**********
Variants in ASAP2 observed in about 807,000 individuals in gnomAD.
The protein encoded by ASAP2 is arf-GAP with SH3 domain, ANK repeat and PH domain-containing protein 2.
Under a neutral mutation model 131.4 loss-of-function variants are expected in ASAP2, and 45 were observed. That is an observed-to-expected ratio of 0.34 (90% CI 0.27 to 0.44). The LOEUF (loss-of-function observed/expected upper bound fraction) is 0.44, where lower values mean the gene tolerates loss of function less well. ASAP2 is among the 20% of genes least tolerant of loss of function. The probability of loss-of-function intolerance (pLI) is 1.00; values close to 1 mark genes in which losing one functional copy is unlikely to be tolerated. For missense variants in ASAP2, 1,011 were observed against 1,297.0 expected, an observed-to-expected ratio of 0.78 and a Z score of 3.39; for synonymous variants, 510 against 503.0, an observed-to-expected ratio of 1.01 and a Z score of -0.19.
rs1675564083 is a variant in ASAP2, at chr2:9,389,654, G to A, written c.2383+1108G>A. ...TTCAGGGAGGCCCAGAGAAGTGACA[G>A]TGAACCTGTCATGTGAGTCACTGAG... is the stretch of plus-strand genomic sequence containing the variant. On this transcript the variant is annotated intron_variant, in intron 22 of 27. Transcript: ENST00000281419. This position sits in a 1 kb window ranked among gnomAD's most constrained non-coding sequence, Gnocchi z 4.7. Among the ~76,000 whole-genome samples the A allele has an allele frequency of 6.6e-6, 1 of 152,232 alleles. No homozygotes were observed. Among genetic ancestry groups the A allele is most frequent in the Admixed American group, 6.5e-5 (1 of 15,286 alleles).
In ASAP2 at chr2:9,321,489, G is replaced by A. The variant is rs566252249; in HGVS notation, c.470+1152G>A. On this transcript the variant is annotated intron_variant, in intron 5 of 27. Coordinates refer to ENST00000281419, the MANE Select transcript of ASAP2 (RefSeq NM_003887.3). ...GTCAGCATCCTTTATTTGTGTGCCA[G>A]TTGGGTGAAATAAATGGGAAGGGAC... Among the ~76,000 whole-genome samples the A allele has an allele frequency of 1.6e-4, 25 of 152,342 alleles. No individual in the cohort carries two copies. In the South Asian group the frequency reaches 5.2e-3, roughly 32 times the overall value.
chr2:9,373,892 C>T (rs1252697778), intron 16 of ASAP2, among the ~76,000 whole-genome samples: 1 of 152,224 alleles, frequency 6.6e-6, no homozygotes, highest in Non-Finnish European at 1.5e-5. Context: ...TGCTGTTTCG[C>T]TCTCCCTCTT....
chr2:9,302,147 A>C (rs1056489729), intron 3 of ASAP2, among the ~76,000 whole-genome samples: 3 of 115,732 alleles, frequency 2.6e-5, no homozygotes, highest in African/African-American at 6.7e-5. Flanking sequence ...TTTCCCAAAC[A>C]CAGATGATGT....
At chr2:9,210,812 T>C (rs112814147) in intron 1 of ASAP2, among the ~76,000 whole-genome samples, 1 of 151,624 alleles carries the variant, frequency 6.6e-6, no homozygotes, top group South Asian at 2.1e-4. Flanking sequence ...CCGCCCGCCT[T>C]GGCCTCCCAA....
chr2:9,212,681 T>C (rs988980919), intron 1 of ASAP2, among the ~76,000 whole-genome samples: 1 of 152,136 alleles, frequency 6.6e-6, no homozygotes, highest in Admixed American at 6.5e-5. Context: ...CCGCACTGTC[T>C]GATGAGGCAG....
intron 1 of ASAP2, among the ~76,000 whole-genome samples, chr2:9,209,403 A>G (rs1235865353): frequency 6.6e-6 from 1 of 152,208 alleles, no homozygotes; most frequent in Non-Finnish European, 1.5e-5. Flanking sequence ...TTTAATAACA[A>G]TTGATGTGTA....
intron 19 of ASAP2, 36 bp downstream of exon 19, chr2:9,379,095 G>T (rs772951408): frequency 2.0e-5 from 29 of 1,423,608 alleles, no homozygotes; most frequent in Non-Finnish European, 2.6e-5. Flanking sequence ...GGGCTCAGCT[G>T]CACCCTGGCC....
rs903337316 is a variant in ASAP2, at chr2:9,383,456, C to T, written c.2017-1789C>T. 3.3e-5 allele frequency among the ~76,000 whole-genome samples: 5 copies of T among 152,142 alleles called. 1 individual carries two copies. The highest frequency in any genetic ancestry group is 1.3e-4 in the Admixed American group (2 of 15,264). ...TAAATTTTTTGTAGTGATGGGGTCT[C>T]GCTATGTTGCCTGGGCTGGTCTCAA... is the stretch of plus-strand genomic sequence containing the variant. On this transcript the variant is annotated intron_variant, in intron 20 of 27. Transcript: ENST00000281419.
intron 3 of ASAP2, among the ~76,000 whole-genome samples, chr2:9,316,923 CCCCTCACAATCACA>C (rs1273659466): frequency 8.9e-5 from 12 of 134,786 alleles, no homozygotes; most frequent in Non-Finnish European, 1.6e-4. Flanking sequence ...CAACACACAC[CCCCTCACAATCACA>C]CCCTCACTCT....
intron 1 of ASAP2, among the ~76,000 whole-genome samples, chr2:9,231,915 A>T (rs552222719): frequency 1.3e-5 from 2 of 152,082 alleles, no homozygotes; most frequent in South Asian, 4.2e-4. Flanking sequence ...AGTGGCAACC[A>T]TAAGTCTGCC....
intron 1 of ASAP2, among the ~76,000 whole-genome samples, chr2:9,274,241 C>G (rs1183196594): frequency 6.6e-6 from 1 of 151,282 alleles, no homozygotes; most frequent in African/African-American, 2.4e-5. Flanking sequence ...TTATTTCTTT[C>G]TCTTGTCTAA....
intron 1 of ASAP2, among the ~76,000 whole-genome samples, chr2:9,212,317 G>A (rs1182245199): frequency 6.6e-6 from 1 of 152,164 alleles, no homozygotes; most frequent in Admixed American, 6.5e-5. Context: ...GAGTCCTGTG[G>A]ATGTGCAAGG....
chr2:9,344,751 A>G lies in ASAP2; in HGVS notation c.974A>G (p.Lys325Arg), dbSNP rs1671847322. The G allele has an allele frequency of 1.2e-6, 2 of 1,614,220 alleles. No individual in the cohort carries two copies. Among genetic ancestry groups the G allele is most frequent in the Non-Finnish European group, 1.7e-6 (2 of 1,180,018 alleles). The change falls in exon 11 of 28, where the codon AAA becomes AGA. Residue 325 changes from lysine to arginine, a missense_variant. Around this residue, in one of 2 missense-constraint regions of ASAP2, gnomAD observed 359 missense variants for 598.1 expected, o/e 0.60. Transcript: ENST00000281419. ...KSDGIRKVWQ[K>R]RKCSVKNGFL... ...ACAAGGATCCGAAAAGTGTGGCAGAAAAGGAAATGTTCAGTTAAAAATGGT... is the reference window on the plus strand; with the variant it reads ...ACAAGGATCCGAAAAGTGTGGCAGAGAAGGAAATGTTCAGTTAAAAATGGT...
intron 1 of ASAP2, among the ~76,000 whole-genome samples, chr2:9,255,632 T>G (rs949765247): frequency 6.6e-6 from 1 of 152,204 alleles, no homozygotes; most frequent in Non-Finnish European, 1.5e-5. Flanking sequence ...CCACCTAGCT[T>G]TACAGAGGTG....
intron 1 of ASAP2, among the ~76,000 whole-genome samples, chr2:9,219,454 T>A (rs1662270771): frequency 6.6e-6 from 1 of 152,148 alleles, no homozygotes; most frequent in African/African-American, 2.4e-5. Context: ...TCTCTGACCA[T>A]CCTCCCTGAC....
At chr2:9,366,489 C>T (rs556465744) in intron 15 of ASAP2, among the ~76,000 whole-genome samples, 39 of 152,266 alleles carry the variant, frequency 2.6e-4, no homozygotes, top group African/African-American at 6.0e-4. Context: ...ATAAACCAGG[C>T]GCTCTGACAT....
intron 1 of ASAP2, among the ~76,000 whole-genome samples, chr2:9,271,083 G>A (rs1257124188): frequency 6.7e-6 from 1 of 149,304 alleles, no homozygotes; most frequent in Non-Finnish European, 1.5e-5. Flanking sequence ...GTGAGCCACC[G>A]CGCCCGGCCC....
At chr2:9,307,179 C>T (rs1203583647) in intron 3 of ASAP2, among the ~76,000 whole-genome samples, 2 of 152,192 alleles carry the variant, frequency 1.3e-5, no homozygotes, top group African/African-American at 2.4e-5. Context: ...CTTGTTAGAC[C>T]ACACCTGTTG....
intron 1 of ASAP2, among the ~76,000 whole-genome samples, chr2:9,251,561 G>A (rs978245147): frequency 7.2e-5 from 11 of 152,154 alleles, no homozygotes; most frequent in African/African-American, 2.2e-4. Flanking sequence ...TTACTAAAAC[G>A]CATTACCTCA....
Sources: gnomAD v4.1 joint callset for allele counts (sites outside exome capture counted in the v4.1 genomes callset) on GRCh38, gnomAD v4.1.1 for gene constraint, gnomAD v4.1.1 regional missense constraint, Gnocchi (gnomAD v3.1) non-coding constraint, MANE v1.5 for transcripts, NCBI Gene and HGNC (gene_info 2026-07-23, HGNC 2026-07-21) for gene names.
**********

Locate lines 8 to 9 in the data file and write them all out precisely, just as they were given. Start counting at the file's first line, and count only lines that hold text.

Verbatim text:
At chr2:9,210,812 T>C (rs112814147) in intron 1 of ASAP2, among the ~76,000 whole-genome samples, 1 of 151,624 alleles carries the variant, frequency 6.6e-6, no homozygotes, top group South Asian at 2.1e-4. Flanking sequence ...CCGCCCGCCT[T>C]GGCCTCCCAA....
chr2:9,212,681 T>C (rs988980919), intron 1 of ASAP2, among the ~76,000 whole-genome samples: 1 of 152,136 alleles, frequency 6.6e-6, no homozygotes, highest in Admixed American at 6.5e-5. Context: ...CCGCACTGTC[T>C]GATGAGGCAG....